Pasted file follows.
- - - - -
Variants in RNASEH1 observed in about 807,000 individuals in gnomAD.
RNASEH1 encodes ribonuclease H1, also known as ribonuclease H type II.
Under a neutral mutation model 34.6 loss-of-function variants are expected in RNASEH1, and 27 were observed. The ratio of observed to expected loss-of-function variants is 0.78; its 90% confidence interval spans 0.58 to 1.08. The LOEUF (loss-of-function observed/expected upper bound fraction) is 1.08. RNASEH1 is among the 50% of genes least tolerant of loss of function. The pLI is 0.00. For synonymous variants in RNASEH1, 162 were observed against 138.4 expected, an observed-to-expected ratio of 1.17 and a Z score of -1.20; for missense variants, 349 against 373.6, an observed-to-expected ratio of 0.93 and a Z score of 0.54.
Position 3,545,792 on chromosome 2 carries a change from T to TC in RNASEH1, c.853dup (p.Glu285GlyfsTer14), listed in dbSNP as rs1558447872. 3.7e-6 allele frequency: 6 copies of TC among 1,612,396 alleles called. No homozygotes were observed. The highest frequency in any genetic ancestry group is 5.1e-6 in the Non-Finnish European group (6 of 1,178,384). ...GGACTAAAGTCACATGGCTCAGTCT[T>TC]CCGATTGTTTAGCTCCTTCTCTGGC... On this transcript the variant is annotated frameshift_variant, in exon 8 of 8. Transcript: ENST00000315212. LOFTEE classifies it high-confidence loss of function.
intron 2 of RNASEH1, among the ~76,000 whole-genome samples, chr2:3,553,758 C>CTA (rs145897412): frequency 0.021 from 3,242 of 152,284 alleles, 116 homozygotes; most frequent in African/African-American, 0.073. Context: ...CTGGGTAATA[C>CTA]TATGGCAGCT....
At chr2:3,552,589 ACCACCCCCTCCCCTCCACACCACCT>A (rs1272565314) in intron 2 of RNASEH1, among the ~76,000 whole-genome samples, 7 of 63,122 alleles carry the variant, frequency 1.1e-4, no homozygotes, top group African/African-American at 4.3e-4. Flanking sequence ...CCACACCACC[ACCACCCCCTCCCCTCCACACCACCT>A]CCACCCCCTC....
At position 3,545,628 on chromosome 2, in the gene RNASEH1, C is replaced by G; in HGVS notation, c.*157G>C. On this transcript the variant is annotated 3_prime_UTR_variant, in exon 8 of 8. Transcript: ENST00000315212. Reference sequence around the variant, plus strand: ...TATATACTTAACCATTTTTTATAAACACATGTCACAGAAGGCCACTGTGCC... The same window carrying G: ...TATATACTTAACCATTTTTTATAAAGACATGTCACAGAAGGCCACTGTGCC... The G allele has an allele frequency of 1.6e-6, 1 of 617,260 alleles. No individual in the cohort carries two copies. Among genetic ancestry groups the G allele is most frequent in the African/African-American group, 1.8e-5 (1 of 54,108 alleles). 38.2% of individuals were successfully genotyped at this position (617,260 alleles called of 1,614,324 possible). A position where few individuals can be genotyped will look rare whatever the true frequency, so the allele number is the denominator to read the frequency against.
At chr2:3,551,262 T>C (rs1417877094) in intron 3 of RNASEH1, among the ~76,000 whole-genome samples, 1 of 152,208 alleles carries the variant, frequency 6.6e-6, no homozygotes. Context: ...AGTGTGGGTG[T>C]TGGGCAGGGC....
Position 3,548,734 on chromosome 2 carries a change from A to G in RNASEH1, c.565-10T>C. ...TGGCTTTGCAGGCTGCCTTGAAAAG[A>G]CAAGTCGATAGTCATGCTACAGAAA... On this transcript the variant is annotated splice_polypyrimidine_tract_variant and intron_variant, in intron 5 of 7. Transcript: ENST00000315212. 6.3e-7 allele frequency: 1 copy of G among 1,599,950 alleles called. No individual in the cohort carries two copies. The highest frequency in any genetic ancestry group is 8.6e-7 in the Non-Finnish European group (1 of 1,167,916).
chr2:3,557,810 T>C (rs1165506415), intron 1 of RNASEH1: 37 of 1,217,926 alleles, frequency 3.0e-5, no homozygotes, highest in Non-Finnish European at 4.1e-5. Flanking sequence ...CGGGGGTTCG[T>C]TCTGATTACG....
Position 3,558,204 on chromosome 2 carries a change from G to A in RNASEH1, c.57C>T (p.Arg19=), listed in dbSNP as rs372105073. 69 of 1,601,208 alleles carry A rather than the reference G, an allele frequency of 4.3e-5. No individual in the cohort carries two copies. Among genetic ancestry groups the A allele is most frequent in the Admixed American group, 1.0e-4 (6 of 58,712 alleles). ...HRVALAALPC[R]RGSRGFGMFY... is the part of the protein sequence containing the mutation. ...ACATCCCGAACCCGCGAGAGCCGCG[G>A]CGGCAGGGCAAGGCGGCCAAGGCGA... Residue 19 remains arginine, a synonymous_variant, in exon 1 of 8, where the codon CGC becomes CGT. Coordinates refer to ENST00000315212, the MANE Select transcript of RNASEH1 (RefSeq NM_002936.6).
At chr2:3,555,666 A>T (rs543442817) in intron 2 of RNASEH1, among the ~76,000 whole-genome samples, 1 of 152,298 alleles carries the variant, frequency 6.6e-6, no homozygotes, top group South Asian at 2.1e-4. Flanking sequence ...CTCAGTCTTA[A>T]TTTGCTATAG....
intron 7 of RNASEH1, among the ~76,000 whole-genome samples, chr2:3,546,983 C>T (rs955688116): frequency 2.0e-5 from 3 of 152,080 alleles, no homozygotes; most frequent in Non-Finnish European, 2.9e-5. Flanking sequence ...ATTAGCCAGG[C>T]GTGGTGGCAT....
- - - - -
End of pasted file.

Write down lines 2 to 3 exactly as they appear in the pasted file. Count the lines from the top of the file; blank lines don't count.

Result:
RNASEH1 encodes ribonuclease H1, also known as ribonuclease H type II.
Under a neutral mutation model 34.6 loss-of-function variants are expected in RNASEH1, and 27 were observed. The ratio of observed to expected loss-of-function variants is 0.78; its 90% confidence interval spans 0.58 to 1.08. The LOEUF (loss-of-function observed/expected upper bound fraction) is 1.08. RNASEH1 is among the 50% of genes least tolerant of loss of function. The pLI is 0.00. For synonymous variants in RNASEH1, 162 were observed against 138.4 expected, an observed-to-expected ratio of 1.17 and a Z score of -1.20; for missense variants, 349 against 373.6, an observed-to-expected ratio of 0.93 and a Z score of 0.54.